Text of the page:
to combat avian flu with vaccines"
By Donna Tommelleo, Associated Press Writer
HARTFORD, Conn. (AP) - The state will take the unprecedented step of
vaccinating millions of chickens in response to an outbreak of avian influenza
at Connecticut's largest egg farm.
The only other alternative would be destroying the 3 million infected
birds at Kofkoff Egg Farm, acting Agriculture Commissioner Bruce Gresczyk
said Friday. That would be a severe blow to the regional economy and the
farm, which has operations in five eastern Connecticut towns.
"The spinoff effect of jobs and businesses would be in jeopardy," Gresczyk
The vaccinations require federal approval because the serum is at a
state laboratory in Maine and must be transported across state lines. U.S.
Department of Agriculture approval is expected within the next two weeks.
The vaccinations are part of an eradication pilot program.
"It's never been done on such a large scale before," Gresczyk said.
A mild form of the disease was suspected two weeks ago and was confirmed
this week in the Kofkoff chickens. The infected birds were at the farm's
Mack Road coops Lebanon and on Schwartz Road in Bozrah.
"It went through the entire complex," Gresczyk said.
The outbreak prompted Japan to temporarily ban all U.S. poultry imports.
Japan lifted the ban after receiving assurance that proper steps were being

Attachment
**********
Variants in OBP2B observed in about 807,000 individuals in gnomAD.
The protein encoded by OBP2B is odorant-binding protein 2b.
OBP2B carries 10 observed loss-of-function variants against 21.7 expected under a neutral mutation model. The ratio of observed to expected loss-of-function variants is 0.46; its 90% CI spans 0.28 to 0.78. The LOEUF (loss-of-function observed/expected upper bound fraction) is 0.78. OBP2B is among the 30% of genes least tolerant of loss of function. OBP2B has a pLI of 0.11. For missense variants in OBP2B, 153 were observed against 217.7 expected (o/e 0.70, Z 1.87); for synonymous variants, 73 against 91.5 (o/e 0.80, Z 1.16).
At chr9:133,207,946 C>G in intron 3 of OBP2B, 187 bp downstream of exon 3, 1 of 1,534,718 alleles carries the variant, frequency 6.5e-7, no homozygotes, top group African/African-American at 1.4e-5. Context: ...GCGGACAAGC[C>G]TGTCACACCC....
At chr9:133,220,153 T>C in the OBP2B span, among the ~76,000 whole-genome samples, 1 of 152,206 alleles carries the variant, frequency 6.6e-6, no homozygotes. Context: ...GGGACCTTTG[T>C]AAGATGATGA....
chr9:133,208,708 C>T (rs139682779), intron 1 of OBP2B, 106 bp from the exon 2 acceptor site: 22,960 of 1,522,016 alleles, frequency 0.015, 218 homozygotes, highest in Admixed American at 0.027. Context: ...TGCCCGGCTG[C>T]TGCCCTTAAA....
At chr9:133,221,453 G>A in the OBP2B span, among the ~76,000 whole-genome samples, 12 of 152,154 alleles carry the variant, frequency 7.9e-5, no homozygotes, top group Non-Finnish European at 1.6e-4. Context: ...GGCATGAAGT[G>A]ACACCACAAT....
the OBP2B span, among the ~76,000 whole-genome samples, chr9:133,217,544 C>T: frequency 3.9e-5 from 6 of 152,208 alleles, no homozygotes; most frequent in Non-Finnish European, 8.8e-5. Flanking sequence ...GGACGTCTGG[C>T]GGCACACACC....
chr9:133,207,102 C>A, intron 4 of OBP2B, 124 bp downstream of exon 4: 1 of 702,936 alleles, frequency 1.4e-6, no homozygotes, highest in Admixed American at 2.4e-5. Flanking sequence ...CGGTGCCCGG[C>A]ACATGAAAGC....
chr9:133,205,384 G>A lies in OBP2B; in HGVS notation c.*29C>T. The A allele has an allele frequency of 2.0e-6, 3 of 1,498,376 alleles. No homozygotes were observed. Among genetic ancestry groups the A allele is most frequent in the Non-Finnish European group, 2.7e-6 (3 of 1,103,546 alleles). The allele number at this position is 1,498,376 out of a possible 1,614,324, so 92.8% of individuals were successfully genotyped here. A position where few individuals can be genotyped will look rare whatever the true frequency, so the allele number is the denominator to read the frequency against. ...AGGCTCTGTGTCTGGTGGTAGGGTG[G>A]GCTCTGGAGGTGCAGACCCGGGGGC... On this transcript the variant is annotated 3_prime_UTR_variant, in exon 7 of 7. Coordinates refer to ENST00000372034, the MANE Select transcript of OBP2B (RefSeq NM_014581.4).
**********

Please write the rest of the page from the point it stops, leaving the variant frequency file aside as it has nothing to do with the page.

taken; however, a ban on Connecticut poultry remains in effect.
The illness resulted in just a few bird deaths, Gresczyk said. Those
that recovered have a lifetime immunity, Gresczyk said.
"It passed through them like the common cold and they will never get
it again," he said.
The low-pathogen form of the disease does not affect humans or other
mammals. It also does not the affect eggs, and egg production has resumed
at a normal level, he said.
About 1.25 million birds at Kofkoff's other coops on smaller sites in
Lebanon, Bozrah and Franklin were not infected, he said.
Agriculture officials are awaiting test results next week on Kofkoff
birds at coops in Hebron and Colchester, but expect them to be negative
because those birds showed no signs of the disease.
Strict quarantine and biosecurity measures remain at Kofkoff and the
state has broadened its surveillance to farms with 500 or more birds. State
agriculture officials say they are in constant contact with USDA veterinarians
and agriculture officials in other Northeast states where the investigation
"We'll know better in a few weeks if we have it anywhere else in Connecticut
and in a few months if we have it anywhere in New England," Gresczyk said.
Kofkoff supplies nearly 90 percent of the eggs in the state and much
of the New England market, producing nearly 24 million eggs a week. It
employs 290 people and has an annual payroll of $11 million. The farm also
is the largest customer of the New England Central Railroad. Nearly 40
percent of the railroad's cargo is chicken feed, Gresczyk said.
"Depopulation just wasn't a workable option," Gresczyk said.
Destroying the chickens also would have cost the state about $35 million.
Instead, the state will supervise the vaccination of pullets, or young
replacement chickens, as they enter the production line. Laying hens generally
have a life span of 2 years on the line, Gresczyk said.
The farm will bear the cost of the vaccines. Gresczyk had no estimate
of the vaccine price. Repeated calls seeking comment to Kofkoff managers
were not returned.
The source of the disease has not been determined but there are possibilities,
including infected wild fowl. Gresczyk said the state Department of Environmental
Protection plans to test wild turkeys.
"This is something we always dreaded," Gresczyk said. "Fortunately,
we planned for it."